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Nutritional Studies (AP010)
Research Area:
Metabolism and nutrition
Species Studied
Scientific Name: Homo sapiens Species: Human

The importance of nutrition in the adaptation of man to weightlessness was recognized early in the United States manned space flight program. Investigators were concerned with the possibility that exposure to microgravity would impose high demands on micronutrients and would therefore lead to nutritional deficiencies. Experiments conducted during the Gemini program led space life scientists to believe that some physiological changes associated with space flight were related to nutritional imbalances. It was noted that the musculoskeletal system is one of the primary physiological systems affected by microgravity-induced nutritional alterations. Numerous studies documented that imbalances between bone formation and resorption can lead to clinical disorders such as increased calcium in the blood and urine and osteoporosis. Bed rest investigations lasting from 30 to 36 weeks provided evidence that mineral losses associated with bone resorption were likely to continue unabated during prolonged space flight.

In addition, the physical data on astronauts from the Mercury and Gemini programs showed a consistent pattern of postmission weight loss. The weight reduction was believed to have resulted from water and muscle tissue losses. Scientists also considered the possibility that the weight loss was due to insufficient caloric intake. Therefore, the issue of inflight caloric requirements was investigated thoroughly during the Apollo missions.

Apollo scientists were also concerned with the fact that food systems having minimum weight and volume are required for space flight. The food consumed during the Apollo missions was generally dehydrated and specially formulated to occupy minimal volume. Therefore, the effects of the specialized food packaging methods on the nutritional content of the food was investigated. Thus, the objective of the Apollo nutritional investigation was to conduct a comprehensive metabolic balance study in order to correlate nutrient intake and excretion data to specific inflight physiological changes. The study helped scientists acquire an accurate knowledge of inflight human nutrition requirements which was essential for the development of more advanced space food systems.

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Berry CA. Apollo 7 to 11 Medical Concerns and Results. In: Proceedings of the XVIII International Congress of Aerospace Medicine; 1969 Sep 18; Amsterdam, The Netherlands. Houston (TX): National Aeronautics and Space Administration Manned Spacecraft Center, 1969. NASA TM X-58034. [NTRS]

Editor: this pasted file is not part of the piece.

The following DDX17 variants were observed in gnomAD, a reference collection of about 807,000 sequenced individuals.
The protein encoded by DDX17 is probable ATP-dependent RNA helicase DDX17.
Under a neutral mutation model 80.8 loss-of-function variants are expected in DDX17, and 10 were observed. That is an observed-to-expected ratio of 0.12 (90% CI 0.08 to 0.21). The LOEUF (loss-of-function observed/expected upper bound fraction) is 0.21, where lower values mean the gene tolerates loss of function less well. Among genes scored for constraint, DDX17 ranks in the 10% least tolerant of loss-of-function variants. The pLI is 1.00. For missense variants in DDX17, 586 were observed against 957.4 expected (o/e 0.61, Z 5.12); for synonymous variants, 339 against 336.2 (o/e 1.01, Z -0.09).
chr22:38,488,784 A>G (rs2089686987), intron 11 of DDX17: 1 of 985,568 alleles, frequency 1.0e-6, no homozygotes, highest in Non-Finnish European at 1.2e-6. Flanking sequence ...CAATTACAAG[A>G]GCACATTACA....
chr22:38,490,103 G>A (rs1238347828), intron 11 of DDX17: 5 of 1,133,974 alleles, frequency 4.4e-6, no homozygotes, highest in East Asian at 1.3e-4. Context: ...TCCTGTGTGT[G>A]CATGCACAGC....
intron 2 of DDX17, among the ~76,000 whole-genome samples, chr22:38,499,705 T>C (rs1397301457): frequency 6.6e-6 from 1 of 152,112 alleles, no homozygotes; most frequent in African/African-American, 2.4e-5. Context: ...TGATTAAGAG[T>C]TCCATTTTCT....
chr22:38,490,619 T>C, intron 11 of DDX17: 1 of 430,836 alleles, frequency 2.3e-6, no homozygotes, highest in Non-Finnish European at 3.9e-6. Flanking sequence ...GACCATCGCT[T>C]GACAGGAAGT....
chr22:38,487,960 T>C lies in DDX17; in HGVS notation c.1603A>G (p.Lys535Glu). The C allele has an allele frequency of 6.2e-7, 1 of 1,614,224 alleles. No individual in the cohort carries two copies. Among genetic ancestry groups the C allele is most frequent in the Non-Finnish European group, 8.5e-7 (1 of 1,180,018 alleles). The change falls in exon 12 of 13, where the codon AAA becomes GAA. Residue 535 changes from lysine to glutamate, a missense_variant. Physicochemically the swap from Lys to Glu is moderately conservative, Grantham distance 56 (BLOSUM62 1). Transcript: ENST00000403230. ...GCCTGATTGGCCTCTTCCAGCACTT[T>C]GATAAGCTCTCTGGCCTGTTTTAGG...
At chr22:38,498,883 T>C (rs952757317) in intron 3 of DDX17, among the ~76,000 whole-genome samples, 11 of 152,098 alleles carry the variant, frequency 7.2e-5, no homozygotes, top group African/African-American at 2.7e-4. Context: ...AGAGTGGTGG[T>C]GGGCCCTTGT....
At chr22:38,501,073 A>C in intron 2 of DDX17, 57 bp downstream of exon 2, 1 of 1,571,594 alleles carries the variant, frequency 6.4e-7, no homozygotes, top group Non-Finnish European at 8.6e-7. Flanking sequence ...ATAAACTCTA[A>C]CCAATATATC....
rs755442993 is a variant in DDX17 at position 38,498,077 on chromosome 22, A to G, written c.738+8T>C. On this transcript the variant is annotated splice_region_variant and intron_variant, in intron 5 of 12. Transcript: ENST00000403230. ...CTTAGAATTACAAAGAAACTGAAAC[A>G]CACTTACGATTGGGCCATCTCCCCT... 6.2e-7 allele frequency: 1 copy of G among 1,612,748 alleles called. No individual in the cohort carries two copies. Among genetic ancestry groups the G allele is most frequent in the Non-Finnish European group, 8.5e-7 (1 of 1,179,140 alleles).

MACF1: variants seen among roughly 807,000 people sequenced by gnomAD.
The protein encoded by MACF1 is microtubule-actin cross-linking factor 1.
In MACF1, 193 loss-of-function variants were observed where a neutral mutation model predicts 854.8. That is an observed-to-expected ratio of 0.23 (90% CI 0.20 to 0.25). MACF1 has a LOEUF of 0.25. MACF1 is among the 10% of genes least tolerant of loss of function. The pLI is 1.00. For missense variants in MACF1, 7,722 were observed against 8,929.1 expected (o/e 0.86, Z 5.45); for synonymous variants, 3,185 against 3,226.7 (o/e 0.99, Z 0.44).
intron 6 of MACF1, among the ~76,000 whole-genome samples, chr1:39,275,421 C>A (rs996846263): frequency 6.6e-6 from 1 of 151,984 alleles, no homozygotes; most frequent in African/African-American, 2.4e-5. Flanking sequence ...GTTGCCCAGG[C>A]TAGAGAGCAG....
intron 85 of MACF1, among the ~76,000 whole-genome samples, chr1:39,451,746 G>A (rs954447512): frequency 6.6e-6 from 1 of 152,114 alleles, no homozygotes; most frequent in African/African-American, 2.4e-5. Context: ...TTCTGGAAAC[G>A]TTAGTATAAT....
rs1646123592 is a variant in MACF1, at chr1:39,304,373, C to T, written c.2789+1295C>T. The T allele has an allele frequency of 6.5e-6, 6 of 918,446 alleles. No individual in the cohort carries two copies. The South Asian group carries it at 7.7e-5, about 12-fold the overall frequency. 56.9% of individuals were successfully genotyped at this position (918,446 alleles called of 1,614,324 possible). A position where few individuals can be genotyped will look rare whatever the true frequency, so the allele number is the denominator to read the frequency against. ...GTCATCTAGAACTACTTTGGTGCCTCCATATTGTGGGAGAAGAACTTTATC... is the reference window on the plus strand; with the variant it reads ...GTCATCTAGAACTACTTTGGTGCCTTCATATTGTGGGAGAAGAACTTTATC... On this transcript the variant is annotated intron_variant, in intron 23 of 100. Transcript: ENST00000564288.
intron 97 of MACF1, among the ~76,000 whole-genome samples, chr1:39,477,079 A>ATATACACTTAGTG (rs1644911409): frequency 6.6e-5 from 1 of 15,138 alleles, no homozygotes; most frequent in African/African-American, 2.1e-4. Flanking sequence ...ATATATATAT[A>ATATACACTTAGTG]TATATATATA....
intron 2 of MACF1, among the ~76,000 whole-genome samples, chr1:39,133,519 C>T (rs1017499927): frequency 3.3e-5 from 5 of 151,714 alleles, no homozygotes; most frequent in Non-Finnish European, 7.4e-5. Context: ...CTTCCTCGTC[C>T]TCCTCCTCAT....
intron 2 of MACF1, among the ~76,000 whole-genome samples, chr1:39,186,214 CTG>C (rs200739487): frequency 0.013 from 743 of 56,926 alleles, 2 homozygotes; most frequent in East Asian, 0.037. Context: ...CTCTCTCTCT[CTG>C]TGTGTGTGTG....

Hander EW, Leach CS, Johnson PC, Fischer CL, Rummel J, Rambaut PC. Biochemical and Physiological Consequences of the Apollo Flight Diet. Aerospace Medicine. 1971. November; 42(11):1192-95.[]

Rambaut PC, Smith MC, Wheeler HO. Nutritional studies. In: Johnson RS, Dietlein LF, Berry CA, eds. Biomedical Results of Apollo. Washington, DC: NASA Headquarters; 1975:277-302. NASA SP-368. [NTRS]

Body weight
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Data Information
Data Availability
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17-OH progesterone
Alkaline phosphatase
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Mission/Study Information
Mission Launch/Start Date Landing/End Date Duration
Apollo 10 05/18/1969 05/26/1969 8 days
Apollo 11 07/16/1969 07/24/1969 8 days
Apollo 12 11/14/1969 11/24/1969 10 days
Apollo 13 04/11/1970 04/17/1970 6 days
Apollo 14 01/31/1971 02/09/1971 9 days
Apollo 15 07/26/1971 08/07/1971 12 days
Apollo 16 04/16/1972 04/27/1972 11 days
Apollo 17 12/07/1972 12/19/1972 12 days
Apollo 7 10/11/1968 10/22/1968 11 days
Apollo 8 12/21/1968 12/27/1968 6 days
Apollo 9 03/03/1969 03/13/1969 10 days

Additional Information
Managing NASA Center
Johnson Space Center (JSC)
Responsible NASA Representative
Johnson Space Center LSDA Office
Project Manager: Pamela A. Bieri
Institutional Support
National Aeronautics and Space Administration (NASA)